It is my pleasure to have Hillary Kleck guest posting on this blog today! Hillary is an app developer and social media advocate for the needs of children with visual impairments on her Facebook Page, Sensory Sun Educational Technologies. Hillary is also the proud mother of Madilyn, who has inspired the development of the Exploring Braille App. While the Exploring Braille App is not yet available in the iOS Store, Hillary's story about the inspiration for the need for Exploring Braille is impressive, ambitious and functional for all tactile learners. Please read her story below:
How many times have you purchased an app hoping it would be something your visually
impaired child could effectively use? I've spent entirely too much on apps for my daughter that
didn't pan out to be even remotely accessible with VoiceOver or even something she could just
play around with for some enjoyment. The abundance of letters and phonics apps with her
favorite characters were (and still are) so enticing! "Maybe this one will encourage her
interests," I would say to myself, but none of them ever presented braille- her only method of
reading independently. I kept telling myself that eventually one of them would be everything I
wished for in an educational app.
As you may imagine, my dream app was never found. It had to be created! I ﬁnally put my mind
to work and started designing an app my daughter would love, and then maybe other potential
braille readers would, too. I felt so strongly about how much Madilyn could achieve if only she
had a product like I envisioned. She needed something that incorporated her senses- touch and
hearing- and visually appealing for me. It was possible. Too many times I talked myself out of it
thinking it wouldn't be good enough. There were no more excuses; it had to be done and I
decided it was up to me. I had experience in programming so all I needed to do was learn a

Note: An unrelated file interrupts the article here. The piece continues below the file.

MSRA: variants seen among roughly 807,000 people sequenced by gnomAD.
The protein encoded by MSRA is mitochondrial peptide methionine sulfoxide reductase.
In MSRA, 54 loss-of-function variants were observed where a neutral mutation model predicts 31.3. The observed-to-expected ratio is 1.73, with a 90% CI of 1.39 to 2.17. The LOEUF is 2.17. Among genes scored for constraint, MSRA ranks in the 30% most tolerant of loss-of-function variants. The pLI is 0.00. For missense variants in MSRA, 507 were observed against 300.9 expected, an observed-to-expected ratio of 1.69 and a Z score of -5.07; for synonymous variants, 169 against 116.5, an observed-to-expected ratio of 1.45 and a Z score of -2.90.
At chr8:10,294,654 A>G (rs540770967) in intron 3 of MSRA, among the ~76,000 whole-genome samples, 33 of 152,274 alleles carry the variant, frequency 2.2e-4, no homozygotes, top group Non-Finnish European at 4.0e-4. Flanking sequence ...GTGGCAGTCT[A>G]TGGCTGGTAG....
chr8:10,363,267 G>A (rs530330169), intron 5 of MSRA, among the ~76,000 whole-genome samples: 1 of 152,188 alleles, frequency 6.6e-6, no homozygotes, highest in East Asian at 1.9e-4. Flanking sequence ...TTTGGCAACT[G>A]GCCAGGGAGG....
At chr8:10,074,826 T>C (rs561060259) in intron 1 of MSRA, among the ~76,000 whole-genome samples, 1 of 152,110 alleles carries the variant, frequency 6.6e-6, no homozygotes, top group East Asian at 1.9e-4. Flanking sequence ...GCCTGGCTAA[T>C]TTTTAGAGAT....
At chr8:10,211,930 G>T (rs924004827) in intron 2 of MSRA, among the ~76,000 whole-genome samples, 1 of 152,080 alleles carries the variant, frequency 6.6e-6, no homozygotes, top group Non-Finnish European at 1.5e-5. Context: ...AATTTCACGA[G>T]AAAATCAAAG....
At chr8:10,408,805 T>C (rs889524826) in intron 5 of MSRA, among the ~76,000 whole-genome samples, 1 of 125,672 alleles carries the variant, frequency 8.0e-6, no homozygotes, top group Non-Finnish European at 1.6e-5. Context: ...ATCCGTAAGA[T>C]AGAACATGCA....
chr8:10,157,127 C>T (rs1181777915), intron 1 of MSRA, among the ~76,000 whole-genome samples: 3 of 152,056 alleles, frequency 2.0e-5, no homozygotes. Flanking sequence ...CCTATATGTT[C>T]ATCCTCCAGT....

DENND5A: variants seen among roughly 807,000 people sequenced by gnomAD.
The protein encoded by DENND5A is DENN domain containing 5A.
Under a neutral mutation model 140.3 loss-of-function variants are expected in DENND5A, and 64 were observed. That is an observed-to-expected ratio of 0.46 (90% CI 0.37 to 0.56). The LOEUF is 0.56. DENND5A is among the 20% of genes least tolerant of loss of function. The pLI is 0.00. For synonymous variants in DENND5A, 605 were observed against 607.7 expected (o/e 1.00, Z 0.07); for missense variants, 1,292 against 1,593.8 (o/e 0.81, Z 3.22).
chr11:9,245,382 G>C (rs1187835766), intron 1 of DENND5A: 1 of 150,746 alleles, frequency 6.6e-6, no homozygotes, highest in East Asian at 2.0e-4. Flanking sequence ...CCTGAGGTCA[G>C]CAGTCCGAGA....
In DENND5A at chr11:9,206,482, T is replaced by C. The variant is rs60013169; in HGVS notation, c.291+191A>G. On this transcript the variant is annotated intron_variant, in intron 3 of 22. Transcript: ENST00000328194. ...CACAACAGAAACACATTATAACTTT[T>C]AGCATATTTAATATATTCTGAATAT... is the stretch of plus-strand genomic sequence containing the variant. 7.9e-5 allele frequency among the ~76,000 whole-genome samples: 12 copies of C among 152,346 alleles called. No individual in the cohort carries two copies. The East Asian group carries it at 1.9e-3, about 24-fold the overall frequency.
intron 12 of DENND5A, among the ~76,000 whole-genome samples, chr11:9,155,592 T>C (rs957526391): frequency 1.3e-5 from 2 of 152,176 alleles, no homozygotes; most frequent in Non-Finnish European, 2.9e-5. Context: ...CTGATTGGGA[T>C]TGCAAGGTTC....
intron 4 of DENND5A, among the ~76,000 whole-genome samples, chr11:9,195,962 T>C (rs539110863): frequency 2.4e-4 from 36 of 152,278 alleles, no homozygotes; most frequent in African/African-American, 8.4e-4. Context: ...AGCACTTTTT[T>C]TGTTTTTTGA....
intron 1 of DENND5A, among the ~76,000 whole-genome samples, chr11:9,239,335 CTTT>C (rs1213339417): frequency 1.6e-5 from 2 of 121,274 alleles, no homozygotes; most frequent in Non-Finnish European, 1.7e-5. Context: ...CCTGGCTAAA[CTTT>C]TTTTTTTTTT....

similar code and get to work.
I took the methods I used for teaching Madilyn without much technology and applied them to the
design of the app. I began with dreaming of the best way she would learn and went from there.
Simply enough I wanted it to teach her to read and write the braille alphabet. The iPad and
refreshable braille device would take my place as the teacher so she could learn more
independently, allowing me to be the guide only when necessary. It needed to be fun and
interactive, engaging her through sound and touch. I decided she would love it even more if it
included her as a character and her dog Ruff as the trusty sidekick. Hence, "Exploring Braille
with Madilyn and Ruff" was created.
I am not satisﬁed believing that the best way to teach and learn braille has already been
developed, or even realized already. The current app will be developed into a suite of apps to
create a full braille curriculum for young braille readers to use, learn and enjoy. New research,
technology and experiences will deﬁnitely shape the apps so the suite will appeal to students
with varying cognitive, ﬁne motor and vision levels. It is my hope that people will continue to be
intrigued by the way blind children perceive the world, and do their part in making it more
accessible. The best is yet to come!
This is very exciting. I am looking forward to trying it out. My daughter has low vision but I don't think her vision is good enough to use large print all the time, and I understand that for reading longer texts, braille has some advantages over very very large print. Her fine and gross motor skills are delayed also due to CP so the flexibility to be used by users with varying levels of fine motor skills will be a help for her. Kudos to you for taking this on.ReplyDelete
amazing blog post..keep postingReplyDelete